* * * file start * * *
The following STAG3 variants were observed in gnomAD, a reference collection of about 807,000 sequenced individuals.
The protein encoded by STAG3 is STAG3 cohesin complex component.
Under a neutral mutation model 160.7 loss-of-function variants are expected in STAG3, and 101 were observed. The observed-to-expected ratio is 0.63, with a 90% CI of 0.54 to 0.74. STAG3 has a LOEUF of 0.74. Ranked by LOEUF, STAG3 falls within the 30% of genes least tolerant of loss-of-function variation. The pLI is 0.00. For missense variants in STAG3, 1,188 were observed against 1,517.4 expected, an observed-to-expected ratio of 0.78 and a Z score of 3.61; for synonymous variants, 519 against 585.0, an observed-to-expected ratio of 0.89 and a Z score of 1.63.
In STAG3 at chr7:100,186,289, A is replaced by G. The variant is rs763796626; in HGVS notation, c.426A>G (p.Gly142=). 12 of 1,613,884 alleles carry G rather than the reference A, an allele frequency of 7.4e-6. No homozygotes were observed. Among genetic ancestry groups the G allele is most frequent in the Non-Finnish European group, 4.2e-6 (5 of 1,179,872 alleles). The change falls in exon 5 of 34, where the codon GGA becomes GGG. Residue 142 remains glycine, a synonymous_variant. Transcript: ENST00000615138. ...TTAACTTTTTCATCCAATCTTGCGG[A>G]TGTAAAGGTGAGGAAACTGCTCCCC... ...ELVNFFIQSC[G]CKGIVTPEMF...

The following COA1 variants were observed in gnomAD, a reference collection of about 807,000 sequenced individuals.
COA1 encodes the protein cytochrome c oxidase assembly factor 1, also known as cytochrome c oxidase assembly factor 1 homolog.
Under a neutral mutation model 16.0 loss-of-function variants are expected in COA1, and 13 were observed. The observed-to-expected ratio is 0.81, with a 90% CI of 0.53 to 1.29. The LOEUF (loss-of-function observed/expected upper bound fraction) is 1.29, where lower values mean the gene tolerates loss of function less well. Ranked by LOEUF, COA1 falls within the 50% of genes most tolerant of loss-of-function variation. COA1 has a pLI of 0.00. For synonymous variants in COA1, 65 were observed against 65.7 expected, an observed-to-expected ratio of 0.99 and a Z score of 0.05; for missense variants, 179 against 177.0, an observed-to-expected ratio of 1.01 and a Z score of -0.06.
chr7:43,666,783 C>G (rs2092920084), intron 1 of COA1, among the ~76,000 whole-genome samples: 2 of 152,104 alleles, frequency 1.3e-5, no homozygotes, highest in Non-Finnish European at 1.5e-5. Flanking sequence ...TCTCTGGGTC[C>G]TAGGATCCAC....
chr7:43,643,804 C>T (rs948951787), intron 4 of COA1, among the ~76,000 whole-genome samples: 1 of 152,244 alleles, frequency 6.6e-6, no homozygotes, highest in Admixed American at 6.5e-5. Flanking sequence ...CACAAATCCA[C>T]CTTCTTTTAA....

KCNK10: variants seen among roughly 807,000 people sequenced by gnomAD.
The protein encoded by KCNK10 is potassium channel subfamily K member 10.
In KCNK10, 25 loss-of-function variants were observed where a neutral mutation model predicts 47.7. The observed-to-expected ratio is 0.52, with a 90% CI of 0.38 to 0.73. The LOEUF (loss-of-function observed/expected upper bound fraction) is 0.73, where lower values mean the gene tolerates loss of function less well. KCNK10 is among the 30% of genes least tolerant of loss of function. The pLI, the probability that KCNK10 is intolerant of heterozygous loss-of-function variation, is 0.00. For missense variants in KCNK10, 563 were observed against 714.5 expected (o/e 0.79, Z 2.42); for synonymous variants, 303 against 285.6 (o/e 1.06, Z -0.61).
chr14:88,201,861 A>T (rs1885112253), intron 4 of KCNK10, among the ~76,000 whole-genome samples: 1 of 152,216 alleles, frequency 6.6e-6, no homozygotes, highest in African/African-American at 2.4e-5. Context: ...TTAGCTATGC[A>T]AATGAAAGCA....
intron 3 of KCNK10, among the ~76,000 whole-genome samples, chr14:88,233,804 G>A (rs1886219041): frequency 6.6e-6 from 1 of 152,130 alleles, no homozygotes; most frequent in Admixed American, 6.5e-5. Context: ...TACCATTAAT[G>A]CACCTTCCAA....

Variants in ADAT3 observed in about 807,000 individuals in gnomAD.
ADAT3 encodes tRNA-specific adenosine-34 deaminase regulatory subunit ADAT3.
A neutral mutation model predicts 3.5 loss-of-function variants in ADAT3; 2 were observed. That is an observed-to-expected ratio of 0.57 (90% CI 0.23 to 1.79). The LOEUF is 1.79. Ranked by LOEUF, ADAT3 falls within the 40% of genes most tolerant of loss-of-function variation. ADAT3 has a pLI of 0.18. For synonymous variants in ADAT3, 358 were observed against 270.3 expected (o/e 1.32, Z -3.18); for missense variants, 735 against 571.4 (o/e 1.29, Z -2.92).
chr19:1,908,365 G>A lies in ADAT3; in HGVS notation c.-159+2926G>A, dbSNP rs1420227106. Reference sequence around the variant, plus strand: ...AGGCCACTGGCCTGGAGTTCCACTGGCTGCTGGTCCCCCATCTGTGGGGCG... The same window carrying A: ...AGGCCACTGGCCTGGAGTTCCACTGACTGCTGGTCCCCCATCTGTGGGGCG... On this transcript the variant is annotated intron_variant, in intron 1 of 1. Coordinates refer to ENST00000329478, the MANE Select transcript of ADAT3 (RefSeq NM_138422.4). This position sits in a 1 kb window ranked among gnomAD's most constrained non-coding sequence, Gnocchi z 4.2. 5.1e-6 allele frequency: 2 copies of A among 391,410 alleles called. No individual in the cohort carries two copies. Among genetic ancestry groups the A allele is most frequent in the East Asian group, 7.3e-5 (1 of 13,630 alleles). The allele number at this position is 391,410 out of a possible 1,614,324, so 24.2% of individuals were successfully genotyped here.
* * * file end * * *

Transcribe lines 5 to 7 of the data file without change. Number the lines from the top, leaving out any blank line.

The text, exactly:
The following COA1 variants were observed in gnomAD, a reference collection of about 807,000 sequenced individuals.
COA1 encodes the protein cytochrome c oxidase assembly factor 1, also known as cytochrome c oxidase assembly factor 1 homolog.
Under a neutral mutation model 16.0 loss-of-function variants are expected in COA1, and 13 were observed. The observed-to-expected ratio is 0.81, with a 90% CI of 0.53 to 1.29. The LOEUF (loss-of-function observed/expected upper bound fraction) is 1.29, where lower values mean the gene tolerates loss of function less well. Ranked by LOEUF, COA1 falls within the 50% of genes most tolerant of loss-of-function variation. COA1 has a pLI of 0.00. For synonymous variants in COA1, 65 were observed against 65.7 expected, an observed-to-expected ratio of 0.99 and a Z score of 0.05; for missense variants, 179 against 177.0, an observed-to-expected ratio of 1.01 and a Z score of -0.06.